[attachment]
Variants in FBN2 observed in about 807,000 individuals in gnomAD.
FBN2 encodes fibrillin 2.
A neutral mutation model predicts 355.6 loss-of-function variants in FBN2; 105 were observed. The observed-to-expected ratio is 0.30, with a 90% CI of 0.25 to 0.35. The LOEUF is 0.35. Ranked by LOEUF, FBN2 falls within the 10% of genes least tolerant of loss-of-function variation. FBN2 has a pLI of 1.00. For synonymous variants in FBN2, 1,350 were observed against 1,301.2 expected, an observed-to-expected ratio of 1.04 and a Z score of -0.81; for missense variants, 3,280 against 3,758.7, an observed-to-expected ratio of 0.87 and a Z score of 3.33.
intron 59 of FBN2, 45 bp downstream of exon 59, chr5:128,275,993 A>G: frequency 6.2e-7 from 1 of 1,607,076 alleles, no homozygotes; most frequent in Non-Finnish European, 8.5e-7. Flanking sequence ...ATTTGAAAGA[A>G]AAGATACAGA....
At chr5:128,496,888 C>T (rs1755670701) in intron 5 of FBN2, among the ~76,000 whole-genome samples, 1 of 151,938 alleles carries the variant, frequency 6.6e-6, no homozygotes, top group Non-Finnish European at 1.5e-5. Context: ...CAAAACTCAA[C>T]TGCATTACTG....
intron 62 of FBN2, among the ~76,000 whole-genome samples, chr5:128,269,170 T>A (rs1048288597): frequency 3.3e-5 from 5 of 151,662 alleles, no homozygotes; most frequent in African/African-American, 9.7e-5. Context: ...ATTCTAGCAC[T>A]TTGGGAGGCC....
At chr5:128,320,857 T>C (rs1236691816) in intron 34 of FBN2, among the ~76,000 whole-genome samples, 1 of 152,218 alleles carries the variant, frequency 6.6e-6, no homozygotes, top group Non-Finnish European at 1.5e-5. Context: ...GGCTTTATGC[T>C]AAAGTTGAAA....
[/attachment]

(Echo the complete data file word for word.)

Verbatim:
Variants in FBN2 observed in about 807,000 individuals in gnomAD.
FBN2 encodes fibrillin 2.
A neutral mutation model predicts 355.6 loss-of-function variants in FBN2; 105 were observed. The observed-to-expected ratio is 0.30, with a 90% CI of 0.25 to 0.35. The LOEUF is 0.35. Ranked by LOEUF, FBN2 falls within the 10% of genes least tolerant of loss-of-function variation. FBN2 has a pLI of 1.00. For synonymous variants in FBN2, 1,350 were observed against 1,301.2 expected, an observed-to-expected ratio of 1.04 and a Z score of -0.81; for missense variants, 3,280 against 3,758.7, an observed-to-expected ratio of 0.87 and a Z score of 3.33.
intron 59 of FBN2, 45 bp downstream of exon 59, chr5:128,275,993 A>G: frequency 6.2e-7 from 1 of 1,607,076 alleles, no homozygotes; most frequent in Non-Finnish European, 8.5e-7. Flanking sequence ...ATTTGAAAGA[A>G]AAGATACAGA....
At chr5:128,496,888 C>T (rs1755670701) in intron 5 of FBN2, among the ~76,000 whole-genome samples, 1 of 151,938 alleles carries the variant, frequency 6.6e-6, no homozygotes, top group Non-Finnish European at 1.5e-5. Context: ...CAAAACTCAA[C>T]TGCATTACTG....
intron 62 of FBN2, among the ~76,000 whole-genome samples, chr5:128,269,170 T>A (rs1048288597): frequency 3.3e-5 from 5 of 151,662 alleles, no homozygotes; most frequent in African/African-American, 9.7e-5. Context: ...ATTCTAGCAC[T>A]TTGGGAGGCC....
At chr5:128,320,857 T>C (rs1236691816) in intron 34 of FBN2, among the ~76,000 whole-genome samples, 1 of 152,218 alleles carries the variant, frequency 6.6e-6, no homozygotes, top group Non-Finnish European at 1.5e-5. Context: ...GGCTTTATGC[T>C]AAAGTTGAAA....